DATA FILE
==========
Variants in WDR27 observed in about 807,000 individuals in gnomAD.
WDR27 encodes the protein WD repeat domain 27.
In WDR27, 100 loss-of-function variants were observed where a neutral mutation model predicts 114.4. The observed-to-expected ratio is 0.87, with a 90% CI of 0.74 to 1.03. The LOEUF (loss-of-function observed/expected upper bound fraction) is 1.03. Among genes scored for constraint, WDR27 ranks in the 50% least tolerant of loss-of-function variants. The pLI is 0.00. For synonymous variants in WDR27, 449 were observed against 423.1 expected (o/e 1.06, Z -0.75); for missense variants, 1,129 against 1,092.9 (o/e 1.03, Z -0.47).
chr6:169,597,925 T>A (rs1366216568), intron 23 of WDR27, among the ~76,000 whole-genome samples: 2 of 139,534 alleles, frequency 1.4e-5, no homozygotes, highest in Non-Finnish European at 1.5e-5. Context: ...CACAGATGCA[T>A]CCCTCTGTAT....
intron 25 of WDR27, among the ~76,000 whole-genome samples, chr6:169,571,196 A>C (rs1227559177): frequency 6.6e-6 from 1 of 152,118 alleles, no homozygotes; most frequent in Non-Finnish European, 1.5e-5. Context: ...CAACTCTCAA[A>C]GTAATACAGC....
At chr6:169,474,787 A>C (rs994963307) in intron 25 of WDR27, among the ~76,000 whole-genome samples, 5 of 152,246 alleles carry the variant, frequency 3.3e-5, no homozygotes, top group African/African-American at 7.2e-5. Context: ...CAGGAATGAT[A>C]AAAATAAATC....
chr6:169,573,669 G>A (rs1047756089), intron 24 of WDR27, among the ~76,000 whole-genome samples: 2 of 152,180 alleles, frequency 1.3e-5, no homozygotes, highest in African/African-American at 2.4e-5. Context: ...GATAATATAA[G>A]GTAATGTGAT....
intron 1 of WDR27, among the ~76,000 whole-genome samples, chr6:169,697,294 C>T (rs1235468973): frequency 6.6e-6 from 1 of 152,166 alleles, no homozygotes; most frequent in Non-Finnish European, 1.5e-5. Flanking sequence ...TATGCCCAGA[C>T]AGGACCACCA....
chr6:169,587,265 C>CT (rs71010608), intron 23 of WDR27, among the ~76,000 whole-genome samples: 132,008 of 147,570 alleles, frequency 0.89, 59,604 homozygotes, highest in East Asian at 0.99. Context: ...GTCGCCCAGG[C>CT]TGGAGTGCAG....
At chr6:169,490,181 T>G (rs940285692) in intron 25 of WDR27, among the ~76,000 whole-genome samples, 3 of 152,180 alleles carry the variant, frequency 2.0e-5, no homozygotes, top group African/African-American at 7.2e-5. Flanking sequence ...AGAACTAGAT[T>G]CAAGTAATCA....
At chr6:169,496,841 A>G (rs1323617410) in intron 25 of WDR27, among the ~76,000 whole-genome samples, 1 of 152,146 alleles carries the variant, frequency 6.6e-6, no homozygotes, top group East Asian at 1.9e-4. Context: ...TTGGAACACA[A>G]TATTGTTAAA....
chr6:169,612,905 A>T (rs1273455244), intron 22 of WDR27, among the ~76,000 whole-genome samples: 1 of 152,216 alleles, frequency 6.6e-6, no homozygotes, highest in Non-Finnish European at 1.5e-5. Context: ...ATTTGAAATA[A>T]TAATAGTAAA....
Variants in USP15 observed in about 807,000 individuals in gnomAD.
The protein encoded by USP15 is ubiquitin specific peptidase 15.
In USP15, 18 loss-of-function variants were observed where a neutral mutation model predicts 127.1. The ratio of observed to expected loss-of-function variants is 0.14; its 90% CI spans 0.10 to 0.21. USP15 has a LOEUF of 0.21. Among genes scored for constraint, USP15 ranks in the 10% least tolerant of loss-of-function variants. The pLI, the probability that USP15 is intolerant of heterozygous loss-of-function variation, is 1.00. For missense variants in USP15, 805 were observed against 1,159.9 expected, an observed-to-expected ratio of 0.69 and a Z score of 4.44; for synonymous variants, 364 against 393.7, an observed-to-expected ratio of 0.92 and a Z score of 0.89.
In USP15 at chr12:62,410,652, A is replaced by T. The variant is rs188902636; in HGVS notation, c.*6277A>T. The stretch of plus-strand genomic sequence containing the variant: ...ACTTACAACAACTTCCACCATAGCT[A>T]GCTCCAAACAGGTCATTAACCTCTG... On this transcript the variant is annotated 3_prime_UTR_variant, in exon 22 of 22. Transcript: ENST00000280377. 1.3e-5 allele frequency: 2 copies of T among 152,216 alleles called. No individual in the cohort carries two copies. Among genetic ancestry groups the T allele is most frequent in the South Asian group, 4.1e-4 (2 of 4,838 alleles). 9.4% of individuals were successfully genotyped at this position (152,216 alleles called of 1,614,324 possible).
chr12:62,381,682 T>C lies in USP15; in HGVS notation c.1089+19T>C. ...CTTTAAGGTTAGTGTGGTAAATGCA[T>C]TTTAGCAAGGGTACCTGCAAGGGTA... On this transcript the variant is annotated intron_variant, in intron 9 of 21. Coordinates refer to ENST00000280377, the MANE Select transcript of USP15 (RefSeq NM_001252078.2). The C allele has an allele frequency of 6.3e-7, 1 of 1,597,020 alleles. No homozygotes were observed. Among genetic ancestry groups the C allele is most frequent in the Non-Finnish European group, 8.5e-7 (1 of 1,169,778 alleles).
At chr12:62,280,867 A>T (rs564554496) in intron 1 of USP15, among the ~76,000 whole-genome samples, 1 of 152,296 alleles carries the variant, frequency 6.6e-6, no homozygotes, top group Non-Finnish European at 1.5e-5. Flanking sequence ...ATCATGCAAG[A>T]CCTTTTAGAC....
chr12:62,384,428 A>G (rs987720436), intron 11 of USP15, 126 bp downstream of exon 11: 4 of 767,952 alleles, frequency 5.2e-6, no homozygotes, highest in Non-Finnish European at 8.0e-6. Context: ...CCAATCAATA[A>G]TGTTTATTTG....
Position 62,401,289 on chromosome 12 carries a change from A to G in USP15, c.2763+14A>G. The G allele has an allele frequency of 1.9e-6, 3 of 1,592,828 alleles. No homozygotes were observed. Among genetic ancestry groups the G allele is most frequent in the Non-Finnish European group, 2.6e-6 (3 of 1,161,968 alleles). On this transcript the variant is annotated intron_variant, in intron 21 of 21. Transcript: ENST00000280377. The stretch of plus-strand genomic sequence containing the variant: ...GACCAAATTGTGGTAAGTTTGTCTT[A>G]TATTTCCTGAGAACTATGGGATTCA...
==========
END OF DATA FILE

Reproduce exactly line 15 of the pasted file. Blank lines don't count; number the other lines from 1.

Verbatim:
In USP15, 18 loss-of-function variants were observed where a neutral mutation model predicts 127.1. The ratio of observed to expected loss-of-function variants is 0.14; its 90% CI spans 0.10 to 0.21. USP15 has a LOEUF of 0.21. Among genes scored for constraint, USP15 ranks in the 10% least tolerant of loss-of-function variants. The pLI, the probability that USP15 is intolerant of heterozygous loss-of-function variation, is 1.00. For missense variants in USP15, 805 were observed against 1,159.9 expected, an observed-to-expected ratio of 0.69 and a Z score of 4.44; for synonymous variants, 364 against 393.7, an observed-to-expected ratio of 0.92 and a Z score of 0.89.